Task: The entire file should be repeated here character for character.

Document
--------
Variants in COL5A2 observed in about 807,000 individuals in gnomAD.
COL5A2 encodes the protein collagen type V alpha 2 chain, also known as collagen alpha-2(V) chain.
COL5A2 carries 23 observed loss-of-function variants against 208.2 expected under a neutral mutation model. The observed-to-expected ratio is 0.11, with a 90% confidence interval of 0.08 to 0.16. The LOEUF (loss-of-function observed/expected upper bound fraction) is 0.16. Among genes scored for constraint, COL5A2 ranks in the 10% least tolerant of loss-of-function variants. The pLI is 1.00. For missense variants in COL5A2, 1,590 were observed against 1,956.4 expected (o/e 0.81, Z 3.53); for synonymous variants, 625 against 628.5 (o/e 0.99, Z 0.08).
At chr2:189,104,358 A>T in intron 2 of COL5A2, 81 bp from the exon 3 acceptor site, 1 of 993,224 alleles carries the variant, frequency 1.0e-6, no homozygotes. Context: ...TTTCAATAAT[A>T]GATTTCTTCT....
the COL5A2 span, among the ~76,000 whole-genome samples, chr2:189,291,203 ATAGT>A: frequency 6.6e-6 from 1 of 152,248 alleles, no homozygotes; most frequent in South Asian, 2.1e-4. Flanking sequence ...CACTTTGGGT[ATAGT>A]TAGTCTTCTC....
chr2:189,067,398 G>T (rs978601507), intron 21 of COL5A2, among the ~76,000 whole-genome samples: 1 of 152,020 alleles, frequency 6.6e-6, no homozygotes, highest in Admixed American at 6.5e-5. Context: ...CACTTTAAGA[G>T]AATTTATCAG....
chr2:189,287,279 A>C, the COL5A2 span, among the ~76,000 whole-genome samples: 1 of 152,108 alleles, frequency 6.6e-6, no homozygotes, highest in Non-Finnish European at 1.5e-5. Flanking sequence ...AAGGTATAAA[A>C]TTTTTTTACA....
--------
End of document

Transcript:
Variants in COL5A2 observed in about 807,000 individuals in gnomAD.
COL5A2 encodes the protein collagen type V alpha 2 chain, also known as collagen alpha-2(V) chain.
COL5A2 carries 23 observed loss-of-function variants against 208.2 expected under a neutral mutation model. The observed-to-expected ratio is 0.11, with a 90% confidence interval of 0.08 to 0.16. The LOEUF (loss-of-function observed/expected upper bound fraction) is 0.16. Among genes scored for constraint, COL5A2 ranks in the 10% least tolerant of loss-of-function variants. The pLI is 1.00. For missense variants in COL5A2, 1,590 were observed against 1,956.4 expected (o/e 0.81, Z 3.53); for synonymous variants, 625 against 628.5 (o/e 0.99, Z 0.08).
At chr2:189,104,358 A>T in intron 2 of COL5A2, 81 bp from the exon 3 acceptor site, 1 of 993,224 alleles carries the variant, frequency 1.0e-6, no homozygotes. Context: ...TTTCAATAAT[A>T]GATTTCTTCT....
the COL5A2 span, among the ~76,000 whole-genome samples, chr2:189,291,203 ATAGT>A: frequency 6.6e-6 from 1 of 152,248 alleles, no homozygotes; most frequent in South Asian, 2.1e-4. Flanking sequence ...CACTTTGGGT[ATAGT>A]TAGTCTTCTC....
chr2:189,067,398 G>T (rs978601507), intron 21 of COL5A2, among the ~76,000 whole-genome samples: 1 of 152,020 alleles, frequency 6.6e-6, no homozygotes, highest in Admixed American at 6.5e-5. Context: ...CACTTTAAGA[G>T]AATTTATCAG....
chr2:189,287,279 A>C, the COL5A2 span, among the ~76,000 whole-genome samples: 1 of 152,108 alleles, frequency 6.6e-6, no homozygotes, highest in Non-Finnish European at 1.5e-5. Flanking sequence ...AAGGTATAAA[A>C]TTTTTTTACA....